Google changed the local search landscape recently which has caused a major shake up in terms of the local search results. They seem to do this every year or two. However, this most recent move is a dramatically new display for local search queries. And what makes it somewhat difficult to grasp is that the display seems to change depending on things like the query, location, and so forth.
At first glance are my thoughts on what this means for local search. Why? Well, first of all, let’s look at something in context…
Did you know that there are over 500,000,000 unique local searches performed on Google each month?
That’s more than HALF A BILLION searches every month!
And here’s another fact about local marketing…
The Yellow Pages are loading their ground. In my opinion, it’s on its last leg as a viable marketing tool.
This is for 2 main reasons:
1. Its expensive…it costs upwards of thousands or even tens of thousands of dollars a year. That means it takes a lot of sales to cover your investment.
2. Its outdated and irrelevant. I know I throw mine away instantly now…right in the green recycle bin in my garage. Most people under 35 do the exact same thing too. Now, I’m sure some people still use it from time to time, but that number is shrinking fast.
So…now you know that Google local search is exploding and that the Yellow Pages is becoming irrelevant.
So, you might be sitting there thinking, “Google Local must be really expensive then right? I mean if you were able to steal HALF A BILLION eyeballs each and every month from the Yellow Pages, you would charge a pretty penny, right?”
But the cool thing is that Google doesn’t charge a cent!
Nothing at all. Totally free.
And you will at the VERY top of the search results..above the organic listings.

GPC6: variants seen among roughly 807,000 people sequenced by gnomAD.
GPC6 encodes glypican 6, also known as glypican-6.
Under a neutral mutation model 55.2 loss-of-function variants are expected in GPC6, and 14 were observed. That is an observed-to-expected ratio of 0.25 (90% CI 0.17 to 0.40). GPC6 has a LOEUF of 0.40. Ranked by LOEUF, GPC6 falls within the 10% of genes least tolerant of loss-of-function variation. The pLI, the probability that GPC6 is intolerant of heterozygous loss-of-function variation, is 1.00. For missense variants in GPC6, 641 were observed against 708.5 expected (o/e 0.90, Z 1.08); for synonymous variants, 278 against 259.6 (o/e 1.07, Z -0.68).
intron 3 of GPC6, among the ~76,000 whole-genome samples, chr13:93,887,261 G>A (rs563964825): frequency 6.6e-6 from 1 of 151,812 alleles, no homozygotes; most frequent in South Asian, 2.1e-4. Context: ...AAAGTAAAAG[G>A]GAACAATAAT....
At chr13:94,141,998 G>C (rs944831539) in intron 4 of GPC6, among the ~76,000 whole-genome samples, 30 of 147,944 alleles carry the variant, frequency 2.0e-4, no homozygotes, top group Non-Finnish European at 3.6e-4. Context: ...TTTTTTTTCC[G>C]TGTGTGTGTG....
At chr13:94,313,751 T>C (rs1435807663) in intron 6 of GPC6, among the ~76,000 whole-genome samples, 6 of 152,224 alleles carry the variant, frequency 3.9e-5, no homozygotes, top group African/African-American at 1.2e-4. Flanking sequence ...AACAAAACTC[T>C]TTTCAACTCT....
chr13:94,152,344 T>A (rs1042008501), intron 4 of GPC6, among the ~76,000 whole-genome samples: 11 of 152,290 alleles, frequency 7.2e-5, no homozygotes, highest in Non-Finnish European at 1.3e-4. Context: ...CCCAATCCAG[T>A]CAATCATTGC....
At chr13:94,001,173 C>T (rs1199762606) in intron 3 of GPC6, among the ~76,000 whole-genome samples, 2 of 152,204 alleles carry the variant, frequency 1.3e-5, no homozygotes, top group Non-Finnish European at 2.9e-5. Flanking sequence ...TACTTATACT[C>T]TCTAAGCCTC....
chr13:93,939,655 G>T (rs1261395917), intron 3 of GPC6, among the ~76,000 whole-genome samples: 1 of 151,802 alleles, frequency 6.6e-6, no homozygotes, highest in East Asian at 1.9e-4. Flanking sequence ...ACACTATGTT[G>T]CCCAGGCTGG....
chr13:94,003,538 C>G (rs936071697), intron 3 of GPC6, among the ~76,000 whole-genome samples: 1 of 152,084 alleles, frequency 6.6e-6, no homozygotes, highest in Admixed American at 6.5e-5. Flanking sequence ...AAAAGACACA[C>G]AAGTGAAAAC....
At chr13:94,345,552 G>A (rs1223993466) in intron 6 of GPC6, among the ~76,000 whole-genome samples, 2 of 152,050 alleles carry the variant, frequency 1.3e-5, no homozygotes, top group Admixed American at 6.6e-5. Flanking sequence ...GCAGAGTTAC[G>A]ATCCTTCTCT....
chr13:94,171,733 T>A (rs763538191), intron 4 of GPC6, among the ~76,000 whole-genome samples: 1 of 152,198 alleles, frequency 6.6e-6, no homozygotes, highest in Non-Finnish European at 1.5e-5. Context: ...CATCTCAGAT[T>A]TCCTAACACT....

BUT (and here’s the clincher) – Google only displays between 2-7 results in the Google Locals listings on the front page of search results – even though there are dozens (if not hundreds) of businesses in that local area that match the search term.
So – how do you go about achieving one of these coveted spots?
I’ve looked closely at the businesses in these spots and studied their listings and they all seem to have a couple of things in common. Here’s my take on it all:
1. Reviews and citations become more important/visible.
In the new display, not only is Google showing how many reviews it has in its system, but it’s also featuring a variety of third-party sites (like Yelp, Insider Pages, etc.) and calling out exactly how many reviews are on those sites.
I’ve always been a believer in the power of social proof – but with Google local, never has the opinion of the individual been as powerful as it is today.
2. Building out your Google Place Page becomes more important.
While paid ads sometimes replace the 7-pack for a number of local search queries, in cases where paid ads don’t appear or when the searcher scrolls down to see local listings … wow, the new display is like having a mini-version of your Place Page right there for the world to see. No extra click needed.
Look at all the information showing for this result from a search for “sydney museums.” You’ve got the regular title and snippet listing, then from the Place Page you get a photo, address and phone information, a review snippet, links to additional reviews on third-party sites, star ratings on the right, an overall review count, and a link to the Place Page. Moral of the story: build out those Place Pages, and fast.
3. SEO becomes more important.
Google specifically says that there are no longer two separate algorithms — one for the local 7-pack and one for traditional search. It sounds, then, like traditional SEO factors will more heavily influence who shows up for local search queries … and Google will then apply the local data to create the search results.
Next year’s edition of Local Search Ranking Factors should be really interesting.
To read Google’s official announcement about the changes click here